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Alness, Royal Air Force Seaplane Base

Seaplane Base (20th Century)

Site Name Alness, Royal Air Force Seaplane Base

Classification Seaplane Base (20th Century)

Alternative Name(s) Raf Alness; Invergordon; Cromarty Firth

Canmore ID 90512

Site Number NH66NE 52

NGR NH 65120 67900

NGR Description Centred

Datum OSGB36 - NGR

Permalink http://canmore.org.uk/site/90512

Ordnance Survey licence number 100057073. All rights reserved.
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Digital Images

Administrative Areas

  • Council Highland
  • Parish Alness
  • Former Region Highland
  • Former District Ross And Cromarty
  • Former County Ross And Cromarty

Archaeology Notes

NH66NE 52.00 centred 6512 6790

NH66NE 52.01 NH 65681 68864 Firing Range

Part of the site falls on map sheet NH66NW.

Not to be confused with the World War I seaplane and flying boat base on the Cromarty Forth (centred NH 7885 6767, at The Links, Cromarty), for which see NH76NE 295.

Alness is the sole wartime flying boat base still used by the RAF (1983), but of course only marine craft can be seen here now, and that from a distance, as it is not very accessible. The former decontamination centre is close to Alness town and a few other dispersed buildings also survive, along with the concrete floors of dozens of nissen huts.

The station, which dates back to the pre-war period, was known first as Invergordon, but, in its early days, it is doubtful if it was anything more than a mooring area with a slipway (NH 6497 6775) for beaching the aircraft.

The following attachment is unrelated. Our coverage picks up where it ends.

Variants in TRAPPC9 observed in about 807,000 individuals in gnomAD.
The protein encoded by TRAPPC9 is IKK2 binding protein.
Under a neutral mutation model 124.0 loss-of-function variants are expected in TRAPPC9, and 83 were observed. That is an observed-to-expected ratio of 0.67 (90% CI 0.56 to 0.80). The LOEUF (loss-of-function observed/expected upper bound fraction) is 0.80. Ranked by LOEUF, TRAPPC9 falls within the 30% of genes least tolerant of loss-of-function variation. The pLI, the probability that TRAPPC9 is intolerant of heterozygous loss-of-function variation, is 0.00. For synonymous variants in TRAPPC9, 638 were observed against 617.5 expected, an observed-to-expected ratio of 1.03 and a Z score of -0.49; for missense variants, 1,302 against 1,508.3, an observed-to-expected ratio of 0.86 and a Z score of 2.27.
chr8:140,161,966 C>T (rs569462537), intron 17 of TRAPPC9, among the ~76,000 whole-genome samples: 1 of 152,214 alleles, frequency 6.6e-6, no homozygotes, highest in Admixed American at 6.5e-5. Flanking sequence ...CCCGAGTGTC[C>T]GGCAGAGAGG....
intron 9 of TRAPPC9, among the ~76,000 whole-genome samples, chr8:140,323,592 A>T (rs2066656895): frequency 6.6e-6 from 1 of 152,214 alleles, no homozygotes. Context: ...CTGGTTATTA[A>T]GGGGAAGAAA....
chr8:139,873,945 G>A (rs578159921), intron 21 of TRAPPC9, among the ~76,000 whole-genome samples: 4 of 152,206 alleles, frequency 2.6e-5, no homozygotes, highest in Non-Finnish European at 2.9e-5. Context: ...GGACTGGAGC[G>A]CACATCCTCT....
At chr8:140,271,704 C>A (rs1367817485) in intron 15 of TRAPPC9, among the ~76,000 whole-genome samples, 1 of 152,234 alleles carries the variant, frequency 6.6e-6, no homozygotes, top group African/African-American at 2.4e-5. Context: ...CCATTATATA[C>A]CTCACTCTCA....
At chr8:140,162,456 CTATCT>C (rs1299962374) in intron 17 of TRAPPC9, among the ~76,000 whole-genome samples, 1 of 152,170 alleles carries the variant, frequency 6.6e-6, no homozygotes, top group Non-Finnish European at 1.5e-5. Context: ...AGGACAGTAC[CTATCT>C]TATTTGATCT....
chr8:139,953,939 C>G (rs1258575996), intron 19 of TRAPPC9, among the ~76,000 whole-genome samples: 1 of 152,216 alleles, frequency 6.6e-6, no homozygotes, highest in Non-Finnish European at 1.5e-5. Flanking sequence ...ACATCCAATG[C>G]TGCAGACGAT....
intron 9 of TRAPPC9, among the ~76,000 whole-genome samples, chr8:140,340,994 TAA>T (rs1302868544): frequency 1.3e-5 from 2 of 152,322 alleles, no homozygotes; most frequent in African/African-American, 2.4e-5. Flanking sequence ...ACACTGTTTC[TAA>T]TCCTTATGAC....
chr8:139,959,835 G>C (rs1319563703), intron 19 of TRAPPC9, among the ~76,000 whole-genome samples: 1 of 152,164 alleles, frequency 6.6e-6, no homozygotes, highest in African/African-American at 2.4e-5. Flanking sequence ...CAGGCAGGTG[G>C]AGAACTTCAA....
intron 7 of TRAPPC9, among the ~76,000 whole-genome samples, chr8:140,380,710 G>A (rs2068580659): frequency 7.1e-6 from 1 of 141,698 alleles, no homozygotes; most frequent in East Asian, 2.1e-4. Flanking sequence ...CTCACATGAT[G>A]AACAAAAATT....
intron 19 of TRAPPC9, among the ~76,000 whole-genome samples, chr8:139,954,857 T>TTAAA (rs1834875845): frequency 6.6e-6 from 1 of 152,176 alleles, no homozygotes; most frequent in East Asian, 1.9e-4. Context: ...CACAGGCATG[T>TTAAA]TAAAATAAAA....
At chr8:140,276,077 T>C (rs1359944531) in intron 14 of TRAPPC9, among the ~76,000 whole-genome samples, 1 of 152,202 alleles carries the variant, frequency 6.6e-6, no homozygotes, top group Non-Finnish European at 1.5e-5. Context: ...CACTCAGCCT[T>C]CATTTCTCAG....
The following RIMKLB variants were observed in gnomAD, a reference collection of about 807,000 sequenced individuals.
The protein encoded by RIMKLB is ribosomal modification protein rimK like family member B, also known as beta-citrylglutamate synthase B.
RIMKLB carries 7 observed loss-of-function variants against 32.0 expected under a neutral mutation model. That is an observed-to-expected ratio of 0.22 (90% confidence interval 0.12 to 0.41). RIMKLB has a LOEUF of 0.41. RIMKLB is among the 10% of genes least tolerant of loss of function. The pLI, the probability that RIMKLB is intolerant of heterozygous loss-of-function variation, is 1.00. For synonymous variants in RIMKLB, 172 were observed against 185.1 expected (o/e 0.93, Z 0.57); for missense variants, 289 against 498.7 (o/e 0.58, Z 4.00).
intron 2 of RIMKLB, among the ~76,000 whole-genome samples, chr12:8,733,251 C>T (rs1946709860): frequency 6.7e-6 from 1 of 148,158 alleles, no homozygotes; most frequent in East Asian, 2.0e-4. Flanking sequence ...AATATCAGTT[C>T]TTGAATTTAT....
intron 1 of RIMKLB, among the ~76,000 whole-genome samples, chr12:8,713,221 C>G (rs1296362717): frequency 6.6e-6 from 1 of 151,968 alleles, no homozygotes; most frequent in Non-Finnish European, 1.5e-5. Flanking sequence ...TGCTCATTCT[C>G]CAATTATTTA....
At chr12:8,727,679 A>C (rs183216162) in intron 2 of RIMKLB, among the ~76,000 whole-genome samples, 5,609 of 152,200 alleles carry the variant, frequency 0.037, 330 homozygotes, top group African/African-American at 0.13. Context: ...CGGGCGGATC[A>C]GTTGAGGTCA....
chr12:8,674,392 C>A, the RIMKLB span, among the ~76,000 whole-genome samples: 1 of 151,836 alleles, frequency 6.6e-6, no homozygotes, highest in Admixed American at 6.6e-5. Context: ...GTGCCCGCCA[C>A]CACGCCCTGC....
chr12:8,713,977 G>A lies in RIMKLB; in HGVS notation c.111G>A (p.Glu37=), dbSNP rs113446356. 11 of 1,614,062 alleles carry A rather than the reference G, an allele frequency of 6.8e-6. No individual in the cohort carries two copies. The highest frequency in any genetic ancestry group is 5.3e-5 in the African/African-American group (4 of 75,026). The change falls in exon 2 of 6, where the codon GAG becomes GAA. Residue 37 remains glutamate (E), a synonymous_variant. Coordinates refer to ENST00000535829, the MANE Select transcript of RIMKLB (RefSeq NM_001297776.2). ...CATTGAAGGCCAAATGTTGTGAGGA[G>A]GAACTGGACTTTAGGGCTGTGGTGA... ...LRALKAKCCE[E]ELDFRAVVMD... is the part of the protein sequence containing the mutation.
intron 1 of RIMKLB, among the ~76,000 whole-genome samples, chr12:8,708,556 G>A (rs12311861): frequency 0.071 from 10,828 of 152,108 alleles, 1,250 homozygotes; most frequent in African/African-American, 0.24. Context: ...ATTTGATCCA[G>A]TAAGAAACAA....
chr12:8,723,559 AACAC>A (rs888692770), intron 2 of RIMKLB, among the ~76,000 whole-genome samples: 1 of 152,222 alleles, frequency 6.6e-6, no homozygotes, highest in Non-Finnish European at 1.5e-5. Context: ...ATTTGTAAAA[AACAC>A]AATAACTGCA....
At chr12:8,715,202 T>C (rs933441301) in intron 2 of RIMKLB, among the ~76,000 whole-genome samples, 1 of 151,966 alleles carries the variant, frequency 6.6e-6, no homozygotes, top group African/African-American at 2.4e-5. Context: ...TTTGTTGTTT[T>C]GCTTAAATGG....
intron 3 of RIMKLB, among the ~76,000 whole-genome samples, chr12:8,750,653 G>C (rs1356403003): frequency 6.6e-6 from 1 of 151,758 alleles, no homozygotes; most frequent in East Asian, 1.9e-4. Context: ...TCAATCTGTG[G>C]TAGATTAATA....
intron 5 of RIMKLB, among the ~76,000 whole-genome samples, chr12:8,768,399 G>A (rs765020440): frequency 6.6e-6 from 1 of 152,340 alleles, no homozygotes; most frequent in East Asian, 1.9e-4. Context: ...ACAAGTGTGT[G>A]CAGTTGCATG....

D J Smith 1983.

Alness seaplane base is situated immediately to the S of a new stretch of the A9 trunk road to the S of Alness town. Little remains, apart from one Bellman type hangar, two motor transport buildings and several accommodation huts. The bases of the large seaplane hangars can be easily identified as can most of the taxiways. There are also several small brick-built blast shelters strategically located around the base. At what was the former entrance, two small anti-tank pimples survive alongside a small garage or fire tender building. A small landing craft can also be seen in the central accommodation area mounted on wooden blocks. One light anti-aircraft position could be located in the SW part of the base consisting of a concrete base surrounded by a circular earthen bank.

During February and March of 1997 most of the surviving buildings were cleared to allow trenches to be dug for service pipes as part of the re-development of the site.

Visited by RCAHMS (DE) January/March 1997

Slipway, some of the roads and one or two small buildings are all that survives.

J Guy 2000; NMRS MS 810/10, Vol.2, 112.

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